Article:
Surprisingly for a bar owner, Bill O’Donnell, who, sadly, died last month, was truly ‘the quiet man’. Though a vital contributor to our West Village world, unlike other local personality publicans of the 50s-60s era, with bars bearing their own names—Louie’s, Stefan’s, Bradley’s, etc.—Bill didn’t play the front of the house.

When I first hung out in the Bistro, in the late 60s, he still had a partner, Jim Butcher, who occupied that role. But even when Jim moved out to Long Island and Bill became sole owner, he still stayed out of sight. It has always been Harold, the favorite bartender, who has played ‘mine host’—never Bill.

Whatever he did, or didn’t do, however, he ‘got it right’—which is why the Corner Bistro is still going strong to this day.

To quote from the September 2012 Village Original profile by Michael Minichello (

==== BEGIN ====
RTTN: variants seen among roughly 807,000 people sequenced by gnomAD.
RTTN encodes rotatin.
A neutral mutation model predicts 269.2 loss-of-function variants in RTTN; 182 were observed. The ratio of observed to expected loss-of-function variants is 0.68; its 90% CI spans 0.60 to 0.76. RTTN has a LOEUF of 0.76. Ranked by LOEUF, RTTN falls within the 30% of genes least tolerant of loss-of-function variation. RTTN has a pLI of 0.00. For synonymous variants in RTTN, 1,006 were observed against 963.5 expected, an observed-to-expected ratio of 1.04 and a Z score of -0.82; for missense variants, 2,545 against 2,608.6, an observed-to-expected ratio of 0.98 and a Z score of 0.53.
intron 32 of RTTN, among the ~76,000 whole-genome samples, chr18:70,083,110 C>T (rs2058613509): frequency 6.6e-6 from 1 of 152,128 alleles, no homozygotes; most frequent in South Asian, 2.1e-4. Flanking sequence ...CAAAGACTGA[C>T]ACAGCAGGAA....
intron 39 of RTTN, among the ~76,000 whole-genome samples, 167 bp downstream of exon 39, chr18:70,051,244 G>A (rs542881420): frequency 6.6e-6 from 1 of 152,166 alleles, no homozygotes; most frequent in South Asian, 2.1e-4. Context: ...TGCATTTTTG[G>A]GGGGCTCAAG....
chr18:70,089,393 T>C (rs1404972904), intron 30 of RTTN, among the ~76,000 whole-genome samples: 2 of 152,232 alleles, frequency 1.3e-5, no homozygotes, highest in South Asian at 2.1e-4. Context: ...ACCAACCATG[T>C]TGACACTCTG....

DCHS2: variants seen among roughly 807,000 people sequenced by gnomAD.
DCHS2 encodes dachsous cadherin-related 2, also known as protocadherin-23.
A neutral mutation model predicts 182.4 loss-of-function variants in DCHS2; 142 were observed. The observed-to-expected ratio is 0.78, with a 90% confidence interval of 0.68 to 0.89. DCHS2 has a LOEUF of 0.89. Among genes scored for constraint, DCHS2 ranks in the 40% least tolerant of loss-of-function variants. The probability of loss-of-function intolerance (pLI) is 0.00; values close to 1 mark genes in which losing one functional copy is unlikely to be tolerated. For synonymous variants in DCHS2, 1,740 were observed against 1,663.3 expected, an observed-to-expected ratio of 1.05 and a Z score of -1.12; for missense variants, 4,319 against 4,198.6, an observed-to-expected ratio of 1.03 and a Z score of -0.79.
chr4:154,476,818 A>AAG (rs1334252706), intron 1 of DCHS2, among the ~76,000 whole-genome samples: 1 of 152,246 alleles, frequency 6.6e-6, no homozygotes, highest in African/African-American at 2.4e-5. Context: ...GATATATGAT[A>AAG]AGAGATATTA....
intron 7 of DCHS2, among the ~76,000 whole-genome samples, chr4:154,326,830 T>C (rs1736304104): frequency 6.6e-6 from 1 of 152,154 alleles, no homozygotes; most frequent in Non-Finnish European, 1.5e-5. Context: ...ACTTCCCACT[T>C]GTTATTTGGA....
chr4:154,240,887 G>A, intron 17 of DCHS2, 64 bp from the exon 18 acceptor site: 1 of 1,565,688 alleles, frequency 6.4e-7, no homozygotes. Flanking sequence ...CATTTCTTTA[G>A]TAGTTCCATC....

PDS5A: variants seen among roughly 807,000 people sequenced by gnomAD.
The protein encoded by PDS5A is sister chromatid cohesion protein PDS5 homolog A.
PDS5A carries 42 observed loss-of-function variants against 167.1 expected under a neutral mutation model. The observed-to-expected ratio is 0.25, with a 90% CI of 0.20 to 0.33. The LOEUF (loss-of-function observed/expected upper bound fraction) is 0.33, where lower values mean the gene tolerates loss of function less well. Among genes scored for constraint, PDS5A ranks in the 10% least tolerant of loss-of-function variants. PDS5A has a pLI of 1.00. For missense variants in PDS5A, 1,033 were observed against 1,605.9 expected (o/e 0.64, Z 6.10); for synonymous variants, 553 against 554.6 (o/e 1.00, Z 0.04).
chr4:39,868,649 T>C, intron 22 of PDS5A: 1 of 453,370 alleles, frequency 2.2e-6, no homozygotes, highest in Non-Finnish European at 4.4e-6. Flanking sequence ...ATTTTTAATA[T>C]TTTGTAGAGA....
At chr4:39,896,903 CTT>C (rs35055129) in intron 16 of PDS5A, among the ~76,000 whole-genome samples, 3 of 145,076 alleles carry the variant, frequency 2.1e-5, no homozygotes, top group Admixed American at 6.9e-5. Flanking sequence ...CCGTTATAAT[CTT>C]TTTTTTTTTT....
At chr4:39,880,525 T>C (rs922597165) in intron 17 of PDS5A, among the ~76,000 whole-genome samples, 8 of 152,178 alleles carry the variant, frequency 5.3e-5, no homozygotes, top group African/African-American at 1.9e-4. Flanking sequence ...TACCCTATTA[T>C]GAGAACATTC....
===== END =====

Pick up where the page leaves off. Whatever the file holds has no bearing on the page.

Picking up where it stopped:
…. For a fellow who started out with no clear life plan, it turns out that O’Donnell ended up doing pretty well after all. “I do take some pride in the fact that the Bistro is so successful,” he admits. “It means I’ve just hung in for such a length of time. I wasn’t an innovator of any sort. I just persevered. And, if you hang around long enough, good things can happen. The Bistro still represents something of the past and people like that. It’s reminiscent of old New York and it’s maintained its integrity.”

As did Bill.

—Maggie Berkvist

Dear Editor,

Maggie Berkvist’s words truly capture Bill O’Donnell—he was a great man who helped many people in this neighborhood, without, as Maggie pointed out, ever touting himself. I was fortunate enough to call Bill a friend. Whenever I looked out my window on 12th Street, I might well see him walking by on one of his solitary strolls through the Village Streets. He was a living symbol of a wonderful vital era. Today the saloon was closed for Bill’s wake, and I saw tourists huddling outside in the wind, consulting their maps for where to go instead. The character of the place has always reflected the character of its owner. The West Village those tourists were seeking also passed on this week, a West Village we are not likely to see again.

Best, Janet Capron

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